The FCA's demand that transfer advice be provided as a personal recommendation that takes the whole circumstances of an individual into account is relevant here.
For consultants, O'Sullivan observes the proposals could affect the advice they give to schemes regarding their investment strategies. The pension freedoms have already resulted in large transfers out of DB. In turn these have influenced levels of liquidity, how schemes hedge and the rate of return from assets needed to close a deficit.
O'Sullivan says consultants should be monitoring closely how FCA proposals influence the level of transfers.
Advisers and administrators
For Hymans Robertson partner Jon Hatchett there are two things to watch out for. The first is how the cost of advice, which is expected to go up, influences the relationships between trustees and IFAs. Currently some schemes with over 1,000 members partner with IFAs as it reduces the cost of fees for advice by 20% to 25%.
"The consultation's demand that advice is made more bespoke for individuals could make it more expensive. In turn this could make it harder for schemes with more than 1,000 individuals to partner with IFAs to reduce the costs of advice than in the past."
Secondly, he hopes the consultation will pressure administrators to become quicker when it comes to the release of information needed to do transfer value analysis.
"Administrators will get more detailed questions from financial advisers about transfers and they will need to find an effective way to respond."
Although the consultation covers a lot of ground, there are gaps that need to be tackled, including the cost of advice for members with small pots and the transfer analysis comparator.
Hatchett explains: "What the consultation misses is the transfer of small pots where it is costly to get financial advice. If you have a transfer value of £40,000, that person may find it really hard to get advice because advisers are not interested in pots of that size.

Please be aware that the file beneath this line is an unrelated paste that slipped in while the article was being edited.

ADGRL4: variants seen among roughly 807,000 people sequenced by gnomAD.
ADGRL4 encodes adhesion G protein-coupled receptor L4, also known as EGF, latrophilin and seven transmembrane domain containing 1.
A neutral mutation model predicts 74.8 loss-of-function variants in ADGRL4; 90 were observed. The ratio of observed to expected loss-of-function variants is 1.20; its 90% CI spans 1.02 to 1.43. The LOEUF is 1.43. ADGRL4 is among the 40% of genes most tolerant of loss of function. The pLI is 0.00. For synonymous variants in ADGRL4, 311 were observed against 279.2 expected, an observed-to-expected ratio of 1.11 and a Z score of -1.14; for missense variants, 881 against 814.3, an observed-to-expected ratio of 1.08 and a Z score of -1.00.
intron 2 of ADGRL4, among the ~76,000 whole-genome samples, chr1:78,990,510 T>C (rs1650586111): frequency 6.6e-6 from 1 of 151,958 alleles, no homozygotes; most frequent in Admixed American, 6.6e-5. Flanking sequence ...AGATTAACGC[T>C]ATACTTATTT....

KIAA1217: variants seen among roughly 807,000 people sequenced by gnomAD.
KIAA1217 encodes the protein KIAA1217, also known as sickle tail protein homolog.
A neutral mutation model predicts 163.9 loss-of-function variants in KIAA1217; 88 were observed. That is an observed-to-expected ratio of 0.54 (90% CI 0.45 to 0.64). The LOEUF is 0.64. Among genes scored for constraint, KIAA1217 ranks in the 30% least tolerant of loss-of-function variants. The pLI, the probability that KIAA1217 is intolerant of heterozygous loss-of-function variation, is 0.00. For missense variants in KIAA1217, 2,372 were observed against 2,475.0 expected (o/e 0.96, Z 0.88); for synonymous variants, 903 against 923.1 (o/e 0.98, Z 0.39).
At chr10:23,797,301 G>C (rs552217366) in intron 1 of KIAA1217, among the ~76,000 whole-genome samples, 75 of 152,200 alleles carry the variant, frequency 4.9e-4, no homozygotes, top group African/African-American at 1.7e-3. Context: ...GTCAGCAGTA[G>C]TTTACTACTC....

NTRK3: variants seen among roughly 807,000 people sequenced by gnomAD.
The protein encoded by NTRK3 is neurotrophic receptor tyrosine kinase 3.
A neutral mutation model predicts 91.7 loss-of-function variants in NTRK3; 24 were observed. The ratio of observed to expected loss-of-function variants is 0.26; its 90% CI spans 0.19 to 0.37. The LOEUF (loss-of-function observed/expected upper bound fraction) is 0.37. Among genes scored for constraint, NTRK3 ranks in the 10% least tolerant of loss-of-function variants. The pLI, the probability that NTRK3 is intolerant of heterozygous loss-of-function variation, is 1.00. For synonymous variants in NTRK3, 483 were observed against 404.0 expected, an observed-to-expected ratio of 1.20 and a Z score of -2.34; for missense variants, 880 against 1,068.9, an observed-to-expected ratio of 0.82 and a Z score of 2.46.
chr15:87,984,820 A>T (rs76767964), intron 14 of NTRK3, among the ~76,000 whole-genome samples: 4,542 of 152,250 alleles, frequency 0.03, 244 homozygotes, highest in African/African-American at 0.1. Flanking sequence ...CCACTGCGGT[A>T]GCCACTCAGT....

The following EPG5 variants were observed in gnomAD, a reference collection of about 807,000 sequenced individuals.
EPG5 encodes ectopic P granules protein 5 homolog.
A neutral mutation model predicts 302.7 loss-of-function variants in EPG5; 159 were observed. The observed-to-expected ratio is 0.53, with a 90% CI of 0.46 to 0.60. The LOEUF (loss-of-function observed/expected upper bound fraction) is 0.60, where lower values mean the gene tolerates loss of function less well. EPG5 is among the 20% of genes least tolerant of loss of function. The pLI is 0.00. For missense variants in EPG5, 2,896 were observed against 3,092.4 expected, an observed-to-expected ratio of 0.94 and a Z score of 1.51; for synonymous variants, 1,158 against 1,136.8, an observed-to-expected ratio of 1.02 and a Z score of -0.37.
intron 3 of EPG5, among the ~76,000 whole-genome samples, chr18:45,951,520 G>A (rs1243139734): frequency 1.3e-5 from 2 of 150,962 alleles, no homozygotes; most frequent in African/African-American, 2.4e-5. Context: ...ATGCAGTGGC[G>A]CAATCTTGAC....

"Also, the problem with having any comparator which the FCA prescribes is that people are going to start focusing on that number which is not good. In a complex decision, one number should not dominate the conversation."
Instead people should concentrate on something far more quantifiable.
"What they should be focusing on is the likelihood you will run out of money. A probabilistic chance of ruin is something that people can understand better rather than the technical details of what they are invested in or the comparator," Hatchett continues.
Also unaddressed is whether advisers should consider if the employer covenant is strong enough to 'safeguard' benefits of the member who transfers.
Lincoln Pensions chief executive Darren Redmayne says: "Particularly for members who haven't reached normal retirement age, the cliff-edge nature of Pension Protection Fund compensation means that the covenant strength of the employer could materially impact their decision-making.
"We believe covenant advice will need to be made available to IFAs and members so they can factor it into transfer decisions."
Many of the FCA's ideas have the potential to shake up the system of transfers in the direction which the industry has demanded for a long time. The initial responses also show the sector is not shy of suggesting how these ideas could be improved.
It will be interesting to read the full responses to the consultation which are expected to be published with an official response from the FCA in early 2018.